Los Angeles resident Jackie Lam shares how she maintains a budget in one of the most expensive cities in the United States.

As a Los Angeles native, I’ve learned to gauge how I should feel about the City of Angels by the endless fresh crops of transplants. It really is a land of second chances, an urban playground with perennial sunshine. And to me, it’s just home.

L.A. is a great place to live: Stereotypes aside, you can be yourself, and there’s really something for everyone. Like an onion, there are many different layers to L.A., and as my interests and career paths have changed, I’ve found opportunities and resources to make my ever-evolving goals happen.
One thing’s for sure: Living in L.A. can be exciting, but it definitely ain’t cheap. And after living on my own for the past decade, I’ve fine-tuned my frugal sensibilities to live below my means.

Here’s how I’ve lived on a budget in L.A.:


In winter 2005, I moved into a reasonably priced studio apartment in Palms, a Westside neighborhood. After getting a paid subscription to Westside Rentals, I ended up finding my place through Craigslist. Sure, it was the size of a large closet, but I could call it my own.

After living in cramped quarters for five years, I yearned for larger digs. I found a cute bungalow-style junior bedroom in the same neighborhood for a little more, and I’ve been there ever since.

Live in a “starting out” area
I was making about $30,000 a year at my first full-time job (monthly take-home pay: $1,800). I made a point not to spend more than a third of my income (after taxes) on rent. L.A. arguably has the most unaffordable rental market nationwide; sadly, putting half your income toward rent is becoming commonplace.

I live in Palms because it’s affordable for folks “starting out” and still struggling. It’s a popular place for students attending nearby USC and UCLA universities, and it’s a chill, relatively unknown neighborhood. In recent years it’s been more “up and coming;” as a result, rents have spiked. Other somewhat affordable areas are West Adams, Hollywood, Inglewood, and Mid-City.

Look for rent-controlled units
If you’re on a budget, look for a rent-controlled apartment and stay put as long as you can. These are older apartment buildings built before 1978 (not the sleek, modern apartment units sprouting up across cities everywhere).

The beauty of rent-controlled units is your landlord or property manager cannot raise your rent more than 3 percent each year. Remember: Rent control laws differ for units in Los Angeles versus Beverly Hills, West Hollywood, or Eagle Rock—which are considered different cities—so you’ll have to do your homework first.

If you have a consistent employment history or stellar credit, talk those up during rent negotiations. One year, I received a minimal pay raise that barely covered inflation—and I knew I couldn’t afford a rent hike. So, I wrote my landlord a short letter about my current financial situation, and asked if she would consider not raising my rent for the time being. It totally worked!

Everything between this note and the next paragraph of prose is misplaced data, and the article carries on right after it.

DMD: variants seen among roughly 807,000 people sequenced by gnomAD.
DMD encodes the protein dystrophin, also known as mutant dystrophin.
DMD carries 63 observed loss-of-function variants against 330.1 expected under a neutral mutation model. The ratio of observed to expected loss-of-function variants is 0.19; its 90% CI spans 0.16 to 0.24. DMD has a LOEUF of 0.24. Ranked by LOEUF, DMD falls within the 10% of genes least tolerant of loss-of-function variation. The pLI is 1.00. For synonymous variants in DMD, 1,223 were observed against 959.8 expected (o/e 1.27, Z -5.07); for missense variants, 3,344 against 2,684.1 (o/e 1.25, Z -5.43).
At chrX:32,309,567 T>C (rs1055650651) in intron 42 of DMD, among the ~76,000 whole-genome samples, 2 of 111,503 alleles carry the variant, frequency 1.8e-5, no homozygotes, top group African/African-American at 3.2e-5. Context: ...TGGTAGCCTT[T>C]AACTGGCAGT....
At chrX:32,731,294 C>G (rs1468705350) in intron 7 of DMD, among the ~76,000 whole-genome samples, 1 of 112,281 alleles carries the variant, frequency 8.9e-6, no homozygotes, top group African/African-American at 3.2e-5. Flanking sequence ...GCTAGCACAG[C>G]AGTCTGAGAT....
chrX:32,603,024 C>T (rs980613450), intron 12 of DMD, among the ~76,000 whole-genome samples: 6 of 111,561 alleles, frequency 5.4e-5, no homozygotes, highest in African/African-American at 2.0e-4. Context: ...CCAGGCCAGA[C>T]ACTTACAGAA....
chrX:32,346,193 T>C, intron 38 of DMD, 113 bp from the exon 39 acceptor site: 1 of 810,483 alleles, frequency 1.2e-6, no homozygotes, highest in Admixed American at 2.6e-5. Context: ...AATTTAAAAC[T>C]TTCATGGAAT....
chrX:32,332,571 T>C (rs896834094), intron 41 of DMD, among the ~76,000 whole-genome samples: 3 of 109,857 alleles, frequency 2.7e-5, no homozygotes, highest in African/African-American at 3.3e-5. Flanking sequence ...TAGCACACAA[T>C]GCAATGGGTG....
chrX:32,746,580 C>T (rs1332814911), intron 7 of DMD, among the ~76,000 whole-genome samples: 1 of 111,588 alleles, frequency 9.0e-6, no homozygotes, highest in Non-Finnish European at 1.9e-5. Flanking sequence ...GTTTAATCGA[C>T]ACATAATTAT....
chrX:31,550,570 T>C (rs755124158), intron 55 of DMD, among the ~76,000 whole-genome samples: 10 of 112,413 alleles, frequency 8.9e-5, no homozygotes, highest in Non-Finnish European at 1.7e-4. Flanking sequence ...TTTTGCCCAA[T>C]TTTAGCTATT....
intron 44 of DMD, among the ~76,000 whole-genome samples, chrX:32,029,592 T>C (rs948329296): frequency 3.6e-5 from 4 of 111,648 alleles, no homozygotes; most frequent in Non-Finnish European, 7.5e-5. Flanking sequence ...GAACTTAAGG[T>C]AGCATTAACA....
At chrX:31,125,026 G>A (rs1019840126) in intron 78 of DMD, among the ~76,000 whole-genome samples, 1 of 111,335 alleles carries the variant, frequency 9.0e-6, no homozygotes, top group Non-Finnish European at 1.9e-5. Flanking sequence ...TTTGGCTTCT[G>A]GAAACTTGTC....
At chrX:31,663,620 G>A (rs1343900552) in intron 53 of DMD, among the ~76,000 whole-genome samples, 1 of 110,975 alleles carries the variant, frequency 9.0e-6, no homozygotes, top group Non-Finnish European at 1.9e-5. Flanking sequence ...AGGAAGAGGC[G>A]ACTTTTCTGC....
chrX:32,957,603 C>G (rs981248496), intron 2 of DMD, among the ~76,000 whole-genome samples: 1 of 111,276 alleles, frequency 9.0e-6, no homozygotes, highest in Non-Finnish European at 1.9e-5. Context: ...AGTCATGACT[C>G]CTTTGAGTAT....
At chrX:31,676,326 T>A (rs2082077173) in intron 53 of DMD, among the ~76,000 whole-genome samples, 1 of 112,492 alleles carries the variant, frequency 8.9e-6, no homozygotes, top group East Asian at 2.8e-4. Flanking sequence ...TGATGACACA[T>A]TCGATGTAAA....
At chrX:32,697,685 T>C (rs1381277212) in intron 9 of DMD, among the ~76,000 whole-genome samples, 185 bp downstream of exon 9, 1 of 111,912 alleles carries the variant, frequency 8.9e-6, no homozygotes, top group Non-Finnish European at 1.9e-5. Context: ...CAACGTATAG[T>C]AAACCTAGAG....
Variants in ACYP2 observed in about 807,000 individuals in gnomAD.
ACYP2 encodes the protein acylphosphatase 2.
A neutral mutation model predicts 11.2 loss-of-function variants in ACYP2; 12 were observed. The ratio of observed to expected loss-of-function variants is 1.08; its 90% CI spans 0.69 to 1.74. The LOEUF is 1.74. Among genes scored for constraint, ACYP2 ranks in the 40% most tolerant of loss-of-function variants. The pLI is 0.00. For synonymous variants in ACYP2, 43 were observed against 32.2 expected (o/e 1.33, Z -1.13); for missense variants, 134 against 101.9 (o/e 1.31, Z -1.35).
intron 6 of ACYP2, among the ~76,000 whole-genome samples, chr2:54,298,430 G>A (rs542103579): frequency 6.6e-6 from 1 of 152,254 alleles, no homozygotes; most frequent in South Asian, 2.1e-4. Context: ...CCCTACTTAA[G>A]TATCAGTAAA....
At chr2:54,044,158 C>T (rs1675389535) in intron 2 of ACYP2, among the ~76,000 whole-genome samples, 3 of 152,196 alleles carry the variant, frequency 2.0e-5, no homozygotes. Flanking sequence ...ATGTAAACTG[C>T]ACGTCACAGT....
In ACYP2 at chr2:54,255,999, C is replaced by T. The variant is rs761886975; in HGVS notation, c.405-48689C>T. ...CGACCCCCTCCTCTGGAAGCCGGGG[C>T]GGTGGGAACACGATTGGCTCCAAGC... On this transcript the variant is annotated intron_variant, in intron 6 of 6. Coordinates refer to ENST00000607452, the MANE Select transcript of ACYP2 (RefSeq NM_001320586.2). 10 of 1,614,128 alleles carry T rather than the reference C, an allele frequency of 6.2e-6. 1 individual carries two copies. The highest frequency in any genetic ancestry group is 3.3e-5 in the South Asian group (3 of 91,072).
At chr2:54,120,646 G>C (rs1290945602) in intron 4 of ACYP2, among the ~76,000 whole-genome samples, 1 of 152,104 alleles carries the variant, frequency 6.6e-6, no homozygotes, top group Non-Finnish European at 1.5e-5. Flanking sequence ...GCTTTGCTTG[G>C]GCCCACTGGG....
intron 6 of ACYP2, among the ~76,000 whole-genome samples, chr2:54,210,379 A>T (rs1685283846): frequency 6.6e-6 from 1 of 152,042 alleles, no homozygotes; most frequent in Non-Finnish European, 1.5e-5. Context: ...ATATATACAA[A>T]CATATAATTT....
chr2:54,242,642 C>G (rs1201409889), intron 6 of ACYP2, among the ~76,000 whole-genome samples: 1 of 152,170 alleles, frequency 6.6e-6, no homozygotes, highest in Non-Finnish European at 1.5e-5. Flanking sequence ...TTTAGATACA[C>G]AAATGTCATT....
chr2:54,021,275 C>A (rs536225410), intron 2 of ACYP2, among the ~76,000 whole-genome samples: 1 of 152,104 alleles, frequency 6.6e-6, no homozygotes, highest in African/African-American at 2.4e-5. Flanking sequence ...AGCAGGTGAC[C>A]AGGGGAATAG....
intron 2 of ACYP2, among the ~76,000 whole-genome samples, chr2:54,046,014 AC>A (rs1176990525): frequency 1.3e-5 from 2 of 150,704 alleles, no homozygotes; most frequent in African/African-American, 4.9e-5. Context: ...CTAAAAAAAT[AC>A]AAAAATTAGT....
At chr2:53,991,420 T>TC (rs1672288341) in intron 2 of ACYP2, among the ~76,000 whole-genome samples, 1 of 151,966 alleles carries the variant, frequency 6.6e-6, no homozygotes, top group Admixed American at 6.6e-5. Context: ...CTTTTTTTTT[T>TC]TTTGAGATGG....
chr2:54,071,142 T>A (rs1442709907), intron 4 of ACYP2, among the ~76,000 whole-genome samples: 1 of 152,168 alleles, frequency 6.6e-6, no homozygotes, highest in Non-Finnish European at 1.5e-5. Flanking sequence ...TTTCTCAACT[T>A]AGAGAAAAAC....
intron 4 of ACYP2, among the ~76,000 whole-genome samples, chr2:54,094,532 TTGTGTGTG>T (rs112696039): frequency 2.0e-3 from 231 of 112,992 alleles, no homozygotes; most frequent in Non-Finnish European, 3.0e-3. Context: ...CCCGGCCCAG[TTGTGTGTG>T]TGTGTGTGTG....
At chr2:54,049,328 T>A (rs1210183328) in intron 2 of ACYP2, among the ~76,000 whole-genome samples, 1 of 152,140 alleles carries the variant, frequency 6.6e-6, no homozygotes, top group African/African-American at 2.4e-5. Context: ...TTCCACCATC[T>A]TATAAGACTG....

They say nobody walks in L.A. But with the recent expansion of L.A. Metro’s Expo and Gold lines, it’s a lot easier to use mass transit. There’s no denying L.A. is a massive urban sprawl, but in my personal experience, public transportation (especially the Metrolink trains) are fairly reliable. Of course, it does take longer to get somewhere on the bus or train, so factor that in.

  • The cost for a Metro bus or train ride is $1.75. If you use a TAP card, you get unlimited one-way transfers for two hours. A seven-day pass is $25; a 30-day pass is $100.
  • If you prefer not to own a vehicle, look into ZipCar or CommuteWise as lower-cost alternatives.
  • Biking in L.A. isn’t as scary as it sounds. Some areas are more bike-friendly than others, so check out a bike map to see where bike lanes and paths are beforehand. I use my bike as much as possible to get around, and the savings add up.


There’s no shortage of fun and cheap things to do in a cultural hub like Los Angeles:

  • As a former music blogger, I’ve enjoyed many free live music shows. Venues in Echo Park and Silverlake such as The Satellite, The Echo and Echoplex, and Bootleg Theater have monthly residencies with no cover. For Westside denizens, the indie radio station KXLU sponsors free shows at Time Warp record shop in Mar Vista.
  • For some history, L.A. Conservancy offers guided walking tours. They’re not free, but general tickets cost just $15.
  • There are a handful of free museums around town, such The Getty and the Getty Villa, The Broad, and the Hammer Museum. While the Hammer doesn’t require reservations, the others do. Many others offer a free museum day at least once a month or have a discounted rate in the evenings.
  • For cinephiles, the Cinefamily, Skirball Cultural Center, and Hammer have free screenings. The Academy of Motion Picture Arts and Sciences (AMPAS) has special screenings, sometimes with restored prints and Q&As with directors and talent, for only $5.

Los Angeles is a pricey place to live, but you can definitely live within your means by being creative and resourceful.

Jackie Lam is the creator of Cheapsters,
where she helps freelancers get by in the gig economy.
She lives in L.A., where she is on the perpetual hunt
for the perfect breakfast burrito.

Any third-party resources or websites referenced above are not under Society of Grownups control. Society of Grownups cannot guarantee and are not responsible for the accuracy of the resources, websites, or any products or services available through such resources or websites.

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